Babylon Sisters big band cover, Fender Rhodes solo.  From Afro Blue: M. Sasaji & the L.A. All-Stars.  SD covers aren't everyone's favorite, but this is something special.
Thursday, July 04, 2013

This video says more about the so-called methodology behind some of my photographs than anything I could ever put into words. The Fender Rhodes ("Lucy") doesn't belong to the guy seated behind it, but that's definitely not stopping him from channeling his own enthusiastic interpretation of its owner's sound.
First & Last "Post Title" You'll Ever See Here

Recently, Blogger's made some ridiculous, poorly conceptualized & even more poorly communicated changes to the post interface.  Scarce here for a few days until a/ Blogger fixes things, or, b/ Anodyne 2.0 is up & running on a more user-friendly platform.
Tuesday, July 02, 2013

Now Hiring: Full-Time Bookseller 

Pulpfiction Books, Vancouver’s largest independent bookstore, seeks a mature, enthusiastic individual interested in joining us as a full time bookseller.

The successful candidate will:

• Work a minimum of 24 and up to 40 hours per week. The position will be part time in the short term, but will likely become full time within a 4 month period.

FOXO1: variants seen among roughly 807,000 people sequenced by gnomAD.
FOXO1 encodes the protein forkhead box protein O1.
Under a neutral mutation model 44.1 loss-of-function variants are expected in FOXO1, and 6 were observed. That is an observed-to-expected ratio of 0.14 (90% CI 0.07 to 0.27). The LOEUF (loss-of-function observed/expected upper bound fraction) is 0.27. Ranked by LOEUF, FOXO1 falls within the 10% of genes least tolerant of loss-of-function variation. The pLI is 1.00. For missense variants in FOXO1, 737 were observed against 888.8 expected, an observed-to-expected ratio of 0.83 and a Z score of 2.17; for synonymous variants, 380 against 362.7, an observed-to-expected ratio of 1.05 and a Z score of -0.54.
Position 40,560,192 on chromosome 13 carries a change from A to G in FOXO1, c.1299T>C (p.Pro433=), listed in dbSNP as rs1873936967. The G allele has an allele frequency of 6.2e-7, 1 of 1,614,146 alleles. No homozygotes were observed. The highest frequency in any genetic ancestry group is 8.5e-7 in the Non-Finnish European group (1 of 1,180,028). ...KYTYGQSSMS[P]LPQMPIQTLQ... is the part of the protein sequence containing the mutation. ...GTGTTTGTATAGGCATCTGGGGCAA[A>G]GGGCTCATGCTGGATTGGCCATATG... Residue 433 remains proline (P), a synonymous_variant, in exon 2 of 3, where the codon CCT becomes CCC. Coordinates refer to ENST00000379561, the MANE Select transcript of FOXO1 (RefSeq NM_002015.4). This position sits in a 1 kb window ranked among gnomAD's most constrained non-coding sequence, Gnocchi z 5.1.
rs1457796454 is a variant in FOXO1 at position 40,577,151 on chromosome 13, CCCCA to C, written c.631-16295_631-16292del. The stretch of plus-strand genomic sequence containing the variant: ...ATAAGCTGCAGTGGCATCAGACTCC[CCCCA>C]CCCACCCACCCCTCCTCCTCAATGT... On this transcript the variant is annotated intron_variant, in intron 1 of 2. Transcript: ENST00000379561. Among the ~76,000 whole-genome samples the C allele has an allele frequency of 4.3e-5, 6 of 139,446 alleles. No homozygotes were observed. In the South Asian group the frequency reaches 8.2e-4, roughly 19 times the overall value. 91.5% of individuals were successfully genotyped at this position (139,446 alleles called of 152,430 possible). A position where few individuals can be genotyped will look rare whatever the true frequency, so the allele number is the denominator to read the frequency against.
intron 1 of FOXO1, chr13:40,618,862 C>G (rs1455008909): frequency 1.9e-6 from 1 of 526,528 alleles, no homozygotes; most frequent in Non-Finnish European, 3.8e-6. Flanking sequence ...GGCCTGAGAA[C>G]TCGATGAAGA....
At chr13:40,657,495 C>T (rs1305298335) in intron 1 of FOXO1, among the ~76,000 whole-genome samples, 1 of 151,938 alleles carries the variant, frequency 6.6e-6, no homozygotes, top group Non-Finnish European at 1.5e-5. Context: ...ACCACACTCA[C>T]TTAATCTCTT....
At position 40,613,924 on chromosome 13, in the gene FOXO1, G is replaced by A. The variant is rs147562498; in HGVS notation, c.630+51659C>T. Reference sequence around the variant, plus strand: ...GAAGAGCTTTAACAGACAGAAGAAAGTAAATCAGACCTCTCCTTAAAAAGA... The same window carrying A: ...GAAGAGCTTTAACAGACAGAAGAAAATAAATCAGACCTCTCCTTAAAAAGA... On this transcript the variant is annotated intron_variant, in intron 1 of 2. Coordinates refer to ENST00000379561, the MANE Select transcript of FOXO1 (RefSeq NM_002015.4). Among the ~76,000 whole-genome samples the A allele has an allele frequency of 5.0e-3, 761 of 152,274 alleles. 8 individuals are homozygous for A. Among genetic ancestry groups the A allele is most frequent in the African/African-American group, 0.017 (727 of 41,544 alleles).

• Not currently be attending college or university full time, or plan to within the next 12 months.

• Be available for a variety of shifts, including mornings, evenings, and weekends.

• Possess good practical intelligence, and the ability to work quickly and multitask under pressure. Please note that this position involves a lot of physical and mental activity, and is best compared to fast-paced warehouse or restaurant work. Those interested in standing behind a cash desk socializing and/or being paid to read will not be a good fit for this position.

• Have previous customer service or supervisory experience. Previous experience in bookselling is preferred but not required. Some of our most valuable staff came to us with no previous bookselling experience.

• Have a wide familiarity with contemporary literary fiction and non-fiction.

• Already possess an undergraduate degree or equivalent work history.

• Bring other skills and abilities to the table. Examples: social media (Twitter; Blogger); basic accounting and/or bookkeeping skills; carpentry; HTML; SQL, PHP & MYSQL coding experience, etc. etc. etc.

We offer competitive compensation and a vibrant, non-corporate work environment.

To apply for this position, please forward a detailed resume to

Please, NO phone calls, non-resume email queries, or walk-in requests for employment. 

We thank all applicants for their interest, but may, depending on resume volume, not be able to reply to everyone.